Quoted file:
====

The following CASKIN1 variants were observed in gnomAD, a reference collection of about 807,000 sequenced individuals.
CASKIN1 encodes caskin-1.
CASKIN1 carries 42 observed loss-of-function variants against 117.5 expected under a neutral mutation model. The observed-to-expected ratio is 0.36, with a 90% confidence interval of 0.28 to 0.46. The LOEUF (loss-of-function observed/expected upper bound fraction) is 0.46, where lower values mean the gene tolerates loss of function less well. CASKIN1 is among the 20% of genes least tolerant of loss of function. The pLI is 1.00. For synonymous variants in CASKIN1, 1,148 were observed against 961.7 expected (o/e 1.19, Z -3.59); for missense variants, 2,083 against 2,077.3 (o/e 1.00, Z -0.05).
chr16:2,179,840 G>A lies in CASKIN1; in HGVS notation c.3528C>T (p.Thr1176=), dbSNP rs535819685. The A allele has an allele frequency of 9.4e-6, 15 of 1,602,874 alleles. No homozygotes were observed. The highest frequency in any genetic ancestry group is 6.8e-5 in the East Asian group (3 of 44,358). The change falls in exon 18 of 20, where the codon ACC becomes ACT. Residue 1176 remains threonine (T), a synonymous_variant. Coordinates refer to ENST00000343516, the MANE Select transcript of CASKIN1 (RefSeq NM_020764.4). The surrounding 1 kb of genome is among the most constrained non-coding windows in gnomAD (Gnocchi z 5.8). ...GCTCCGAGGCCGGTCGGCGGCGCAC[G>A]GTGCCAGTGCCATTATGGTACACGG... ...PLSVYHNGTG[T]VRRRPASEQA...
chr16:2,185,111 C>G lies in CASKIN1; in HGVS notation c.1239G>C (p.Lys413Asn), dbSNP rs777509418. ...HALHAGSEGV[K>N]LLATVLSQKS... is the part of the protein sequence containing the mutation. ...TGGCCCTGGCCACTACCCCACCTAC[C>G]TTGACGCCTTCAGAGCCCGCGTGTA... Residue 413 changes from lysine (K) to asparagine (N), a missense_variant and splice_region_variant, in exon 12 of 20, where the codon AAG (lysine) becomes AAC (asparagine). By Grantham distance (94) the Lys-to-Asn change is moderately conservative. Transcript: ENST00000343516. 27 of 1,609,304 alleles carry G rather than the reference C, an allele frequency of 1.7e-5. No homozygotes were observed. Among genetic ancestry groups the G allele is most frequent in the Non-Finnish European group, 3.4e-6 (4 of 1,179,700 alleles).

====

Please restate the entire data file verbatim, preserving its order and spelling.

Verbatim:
The following CASKIN1 variants were observed in gnomAD, a reference collection of about 807,000 sequenced individuals.
CASKIN1 encodes caskin-1.
CASKIN1 carries 42 observed loss-of-function variants against 117.5 expected under a neutral mutation model. The observed-to-expected ratio is 0.36, with a 90% confidence interval of 0.28 to 0.46. The LOEUF (loss-of-function observed/expected upper bound fraction) is 0.46, where lower values mean the gene tolerates loss of function less well. CASKIN1 is among the 20% of genes least tolerant of loss of function. The pLI is 1.00. For synonymous variants in CASKIN1, 1,148 were observed against 961.7 expected (o/e 1.19, Z -3.59); for missense variants, 2,083 against 2,077.3 (o/e 1.00, Z -0.05).
chr16:2,179,840 G>A lies in CASKIN1; in HGVS notation c.3528C>T (p.Thr1176=), dbSNP rs535819685. The A allele has an allele frequency of 9.4e-6, 15 of 1,602,874 alleles. No homozygotes were observed. The highest frequency in any genetic ancestry group is 6.8e-5 in the East Asian group (3 of 44,358). The change falls in exon 18 of 20, where the codon ACC becomes ACT. Residue 1176 remains threonine (T), a synonymous_variant. Coordinates refer to ENST00000343516, the MANE Select transcript of CASKIN1 (RefSeq NM_020764.4). The surrounding 1 kb of genome is among the most constrained non-coding windows in gnomAD (Gnocchi z 5.8). ...GCTCCGAGGCCGGTCGGCGGCGCAC[G>A]GTGCCAGTGCCATTATGGTACACGG... ...PLSVYHNGTG[T]VRRRPASEQA...
chr16:2,185,111 C>G lies in CASKIN1; in HGVS notation c.1239G>C (p.Lys413Asn), dbSNP rs777509418. ...HALHAGSEGV[K>N]LLATVLSQKS... is the part of the protein sequence containing the mutation. ...TGGCCCTGGCCACTACCCCACCTAC[C>G]TTGACGCCTTCAGAGCCCGCGTGTA... Residue 413 changes from lysine (K) to asparagine (N), a missense_variant and splice_region_variant, in exon 12 of 20, where the codon AAG (lysine) becomes AAC (asparagine). By Grantham distance (94) the Lys-to-Asn change is moderately conservative. Transcript: ENST00000343516. 27 of 1,609,304 alleles carry G rather than the reference C, an allele frequency of 1.7e-5. No homozygotes were observed. Among genetic ancestry groups the G allele is most frequent in the Non-Finnish European group, 3.4e-6 (4 of 1,179,700 alleles).